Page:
2013 Volume 38 Issue 2 Pages 225-235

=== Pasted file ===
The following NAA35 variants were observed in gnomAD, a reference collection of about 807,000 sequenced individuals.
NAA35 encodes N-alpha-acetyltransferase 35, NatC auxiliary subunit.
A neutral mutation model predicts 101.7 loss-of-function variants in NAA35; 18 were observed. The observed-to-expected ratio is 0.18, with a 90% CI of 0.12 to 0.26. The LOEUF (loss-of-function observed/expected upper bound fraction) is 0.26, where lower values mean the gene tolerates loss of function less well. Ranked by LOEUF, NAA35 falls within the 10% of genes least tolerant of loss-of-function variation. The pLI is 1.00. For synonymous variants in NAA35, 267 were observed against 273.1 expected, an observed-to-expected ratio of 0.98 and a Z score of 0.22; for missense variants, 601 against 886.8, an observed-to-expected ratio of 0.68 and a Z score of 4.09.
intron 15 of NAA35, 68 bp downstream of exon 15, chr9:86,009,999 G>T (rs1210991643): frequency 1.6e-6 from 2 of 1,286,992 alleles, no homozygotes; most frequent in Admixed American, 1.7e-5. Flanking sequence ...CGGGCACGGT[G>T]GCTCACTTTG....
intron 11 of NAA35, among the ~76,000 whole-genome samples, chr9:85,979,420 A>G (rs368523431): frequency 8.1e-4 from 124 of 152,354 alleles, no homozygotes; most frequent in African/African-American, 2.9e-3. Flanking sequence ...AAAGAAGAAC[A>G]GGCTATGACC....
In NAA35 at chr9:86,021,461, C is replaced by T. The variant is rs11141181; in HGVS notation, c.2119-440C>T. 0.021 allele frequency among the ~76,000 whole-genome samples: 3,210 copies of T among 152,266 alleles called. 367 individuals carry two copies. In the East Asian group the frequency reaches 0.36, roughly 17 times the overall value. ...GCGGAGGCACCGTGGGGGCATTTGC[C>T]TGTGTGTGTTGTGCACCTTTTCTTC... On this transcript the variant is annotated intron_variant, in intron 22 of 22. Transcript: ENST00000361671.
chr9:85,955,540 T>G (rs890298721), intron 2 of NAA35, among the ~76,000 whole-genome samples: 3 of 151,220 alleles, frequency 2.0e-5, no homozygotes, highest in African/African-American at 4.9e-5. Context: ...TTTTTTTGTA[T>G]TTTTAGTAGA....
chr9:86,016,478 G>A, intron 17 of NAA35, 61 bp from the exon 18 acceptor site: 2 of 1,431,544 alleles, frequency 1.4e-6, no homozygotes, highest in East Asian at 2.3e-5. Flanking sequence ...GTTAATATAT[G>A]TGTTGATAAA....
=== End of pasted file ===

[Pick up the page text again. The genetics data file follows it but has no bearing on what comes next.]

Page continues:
Crotonaldehyde, a highly electrophilic α, β-unsaturated aldehyde, is a ubiquitous environmental pollutant and a risk factor for multiple respiratory diseases. Crotonaldehyde is highly volatile and hydrophilic, so it is efficiently absorbed in the respiratory tract. Alveolar macrophages are major effector cells of the nonspecific host defence in the lung. The aim of this study was to investigate the molecular mechanisms and signaling pathways responsible for cell death of alveolar macrophage induced by crotonaldehyde. Our results show that crotonaldehyde induces apoptosis in alveolar macrophages, as indicated by phosphatidylserine externalization and DNA fragmentation. Pretreatment of alveolar macrophages with N-acetylcysteine, ascorbic acid, α-tocopherol, superoxide dismutase inhibited crotonaldehyde-induced apoptosis. Crotonaldehyde-induced apoptosis was characterized by ROS generation, GSH depletion, loss of mitochondrial membrane potential (ΔΨm), the release of cytochrome c from mitochondria, caspase-3/7 and caspase-9 activation, elevation of intracellular Ca2+ concentration and the increase of p53 expression. Furthermore, pretreatment with either p53 inhibitor pifithrin-α or calcium chelator BAPTA-AM effectively attenuated apoptosis induced by crotonaldehyde. Taken together, our results showed that crotonaldehyde induce apoptosis in alveolar macrophages through intracellular calcium, mitochondria and p53 signaling pathways. These results would help to illustrate the mechanism of toxicity induced by crotonaldehyde and to look for a novel treatment for diseases induced by exposure to crotonaldehyde-rich pollutants such as cigarette smoke.